“…Survivors are expressing dismay and distress that needs to be addressed…So what does it mean that Michigan State University invited George Will to speak?…Having George Will speak at commencement does not mean I or Michigan State University agree with or endorse the statements he made in his June 6 column or any particular column he has written. It does not mean the university wishes to cause survivors of sexual assault distress. And it does not mean we are backing away from our commitment to continuously improving our response to sexual assault. What it does mean is this: Great universities are committed to serving the public good by creating space for discourse and exchange of ideas, though that exchange may be uncomfortable and will sometimes challenge values and beliefs. There is no mandate to agree, only to serve society by allowing learning to take place. If universities do not hold onto this, we do not serve the greater good. Because next time it will be a different speaker and a different issue, and the dividing lines will not be the same. Holding this value in no way diminishes the value we place on student safety or our commitment to continue our efforts against sexual assault on this campus. We will continue to bring the issue into the light. Nothing changes that. As I wrote in my blog last week, MSU’s recently formed Sexual Assault Task Force had its first meeting in mid-November…Recognizing that George Will’s visit will be painful for many, the Task Force will convene a town hall meeting as early as possible next semester to allow members of the campus community to share thoughts following this weekend’s commencement, as well as to offer perspectives and approaches for addressing sexual assault and its impact on our community…”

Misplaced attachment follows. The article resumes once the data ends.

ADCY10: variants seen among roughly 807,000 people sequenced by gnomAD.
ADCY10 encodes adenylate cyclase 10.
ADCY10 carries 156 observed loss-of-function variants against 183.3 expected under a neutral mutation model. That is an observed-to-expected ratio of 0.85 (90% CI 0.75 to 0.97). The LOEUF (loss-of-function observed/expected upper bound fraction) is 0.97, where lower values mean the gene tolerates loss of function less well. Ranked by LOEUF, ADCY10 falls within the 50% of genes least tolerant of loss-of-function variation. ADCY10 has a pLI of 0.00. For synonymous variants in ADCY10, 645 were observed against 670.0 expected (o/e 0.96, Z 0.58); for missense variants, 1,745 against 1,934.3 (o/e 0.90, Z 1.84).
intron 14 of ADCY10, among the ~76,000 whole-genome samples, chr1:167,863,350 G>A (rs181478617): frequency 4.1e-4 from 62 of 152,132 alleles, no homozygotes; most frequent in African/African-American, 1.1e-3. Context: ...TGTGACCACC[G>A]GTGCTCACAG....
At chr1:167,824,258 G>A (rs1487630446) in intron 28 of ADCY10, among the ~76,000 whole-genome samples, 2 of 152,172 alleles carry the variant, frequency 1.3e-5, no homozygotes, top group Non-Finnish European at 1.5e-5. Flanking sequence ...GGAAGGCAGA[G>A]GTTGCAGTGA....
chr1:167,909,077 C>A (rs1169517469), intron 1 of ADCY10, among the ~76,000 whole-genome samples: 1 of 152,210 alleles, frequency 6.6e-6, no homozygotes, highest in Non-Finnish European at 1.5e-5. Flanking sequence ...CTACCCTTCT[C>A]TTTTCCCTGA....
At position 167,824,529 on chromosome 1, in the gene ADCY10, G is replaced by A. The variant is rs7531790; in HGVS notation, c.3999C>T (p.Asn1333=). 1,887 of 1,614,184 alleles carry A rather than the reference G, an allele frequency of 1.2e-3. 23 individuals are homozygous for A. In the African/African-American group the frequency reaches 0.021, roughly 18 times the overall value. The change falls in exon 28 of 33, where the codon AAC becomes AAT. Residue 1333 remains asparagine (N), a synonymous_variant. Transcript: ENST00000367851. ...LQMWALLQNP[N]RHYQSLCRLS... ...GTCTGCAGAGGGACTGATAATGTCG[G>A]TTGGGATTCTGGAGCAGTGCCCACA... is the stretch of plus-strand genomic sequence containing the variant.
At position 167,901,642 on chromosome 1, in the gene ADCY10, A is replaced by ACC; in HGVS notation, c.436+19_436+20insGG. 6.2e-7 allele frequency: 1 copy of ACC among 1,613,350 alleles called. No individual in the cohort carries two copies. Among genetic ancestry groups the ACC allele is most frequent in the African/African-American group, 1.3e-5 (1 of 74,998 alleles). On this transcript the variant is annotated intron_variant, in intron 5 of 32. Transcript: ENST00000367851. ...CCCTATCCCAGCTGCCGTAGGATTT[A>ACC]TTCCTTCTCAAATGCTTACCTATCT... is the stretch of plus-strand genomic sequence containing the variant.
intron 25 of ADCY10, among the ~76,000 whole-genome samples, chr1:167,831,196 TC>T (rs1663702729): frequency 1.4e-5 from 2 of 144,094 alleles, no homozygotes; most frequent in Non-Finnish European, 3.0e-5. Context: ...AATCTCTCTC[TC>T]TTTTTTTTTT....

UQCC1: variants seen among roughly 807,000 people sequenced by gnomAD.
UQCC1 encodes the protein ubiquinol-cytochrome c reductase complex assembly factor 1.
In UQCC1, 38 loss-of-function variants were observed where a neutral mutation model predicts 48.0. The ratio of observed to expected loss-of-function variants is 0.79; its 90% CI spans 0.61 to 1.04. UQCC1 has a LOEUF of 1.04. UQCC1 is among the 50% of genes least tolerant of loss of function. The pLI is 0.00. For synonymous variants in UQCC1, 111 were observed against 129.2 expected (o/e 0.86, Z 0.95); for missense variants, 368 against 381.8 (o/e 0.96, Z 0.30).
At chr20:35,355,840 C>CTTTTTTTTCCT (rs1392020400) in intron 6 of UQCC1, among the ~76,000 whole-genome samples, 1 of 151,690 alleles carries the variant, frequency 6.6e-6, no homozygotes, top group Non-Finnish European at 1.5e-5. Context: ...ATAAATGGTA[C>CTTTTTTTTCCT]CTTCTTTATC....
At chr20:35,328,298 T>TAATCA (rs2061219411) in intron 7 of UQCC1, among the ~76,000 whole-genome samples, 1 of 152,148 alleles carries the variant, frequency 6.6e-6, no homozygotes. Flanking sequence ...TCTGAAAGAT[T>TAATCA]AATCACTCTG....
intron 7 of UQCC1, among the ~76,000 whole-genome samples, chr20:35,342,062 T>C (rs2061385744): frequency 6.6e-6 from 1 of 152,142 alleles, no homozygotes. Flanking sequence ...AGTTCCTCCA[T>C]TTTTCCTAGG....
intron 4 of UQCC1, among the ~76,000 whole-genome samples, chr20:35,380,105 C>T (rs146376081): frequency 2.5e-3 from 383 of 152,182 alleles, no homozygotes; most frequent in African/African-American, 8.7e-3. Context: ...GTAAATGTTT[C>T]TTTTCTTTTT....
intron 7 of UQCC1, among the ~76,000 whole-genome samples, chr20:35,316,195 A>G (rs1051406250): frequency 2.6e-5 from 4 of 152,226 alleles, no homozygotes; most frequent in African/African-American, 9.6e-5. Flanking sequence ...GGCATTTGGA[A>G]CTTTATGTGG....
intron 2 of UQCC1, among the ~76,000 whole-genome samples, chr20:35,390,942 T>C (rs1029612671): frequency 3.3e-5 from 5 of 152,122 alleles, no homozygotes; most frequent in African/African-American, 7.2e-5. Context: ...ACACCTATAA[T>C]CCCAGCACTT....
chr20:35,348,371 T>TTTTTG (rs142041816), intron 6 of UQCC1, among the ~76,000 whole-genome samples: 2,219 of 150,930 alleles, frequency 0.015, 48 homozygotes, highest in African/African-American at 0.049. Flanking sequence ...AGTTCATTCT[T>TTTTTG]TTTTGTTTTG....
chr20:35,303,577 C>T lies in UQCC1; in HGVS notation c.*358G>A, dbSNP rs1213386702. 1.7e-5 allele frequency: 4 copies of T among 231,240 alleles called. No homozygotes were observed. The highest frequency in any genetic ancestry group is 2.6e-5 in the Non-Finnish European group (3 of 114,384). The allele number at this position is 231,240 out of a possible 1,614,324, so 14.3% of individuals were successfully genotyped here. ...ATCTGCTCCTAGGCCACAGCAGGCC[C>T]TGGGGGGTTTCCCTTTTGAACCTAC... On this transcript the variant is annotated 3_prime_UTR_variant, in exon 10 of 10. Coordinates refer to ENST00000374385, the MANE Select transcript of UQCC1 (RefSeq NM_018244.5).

Referring to Will’s ideology as merely “controversial” or “creating space for discourse” reads as dismissive to me. “Controversy” implies public debate or cause for argument. Choosing Will as a speaker doesn’t simply spark some kind of healthy public debate, it flat-out antagonizes people who’ve experienced trauma at the hands of sexual assault – on a day they’re meant to be proudly celebrating their college accomplishments with their families, no less. The insistence that choosing speakers like Will facilitates “learning to take place” is equally disturbing. Giving a platform to a man who suggests that assault survivors receive special privilege and who not-so-subtly implies that students lie about being raped is spreading dangerous ideas that put survivors, who have already been through so much, in even deeper peril. The choice to host Will seems even more like a slap in the face in light of the recent stampede of doubt and hate that descended on UVA student “Jackie” for entrusting Rolling Stone with her story of surviving a brutal gang rape, including attempts to expose her true identity. Her story makes Will’s assertions of any kind of “survivor privilege” on campus sound even more ludicrous than they already did. Oddly enough, Teresa Sullivan, UVA’s president, will be the third commencement speaker on Saturday alongside Will and Moore.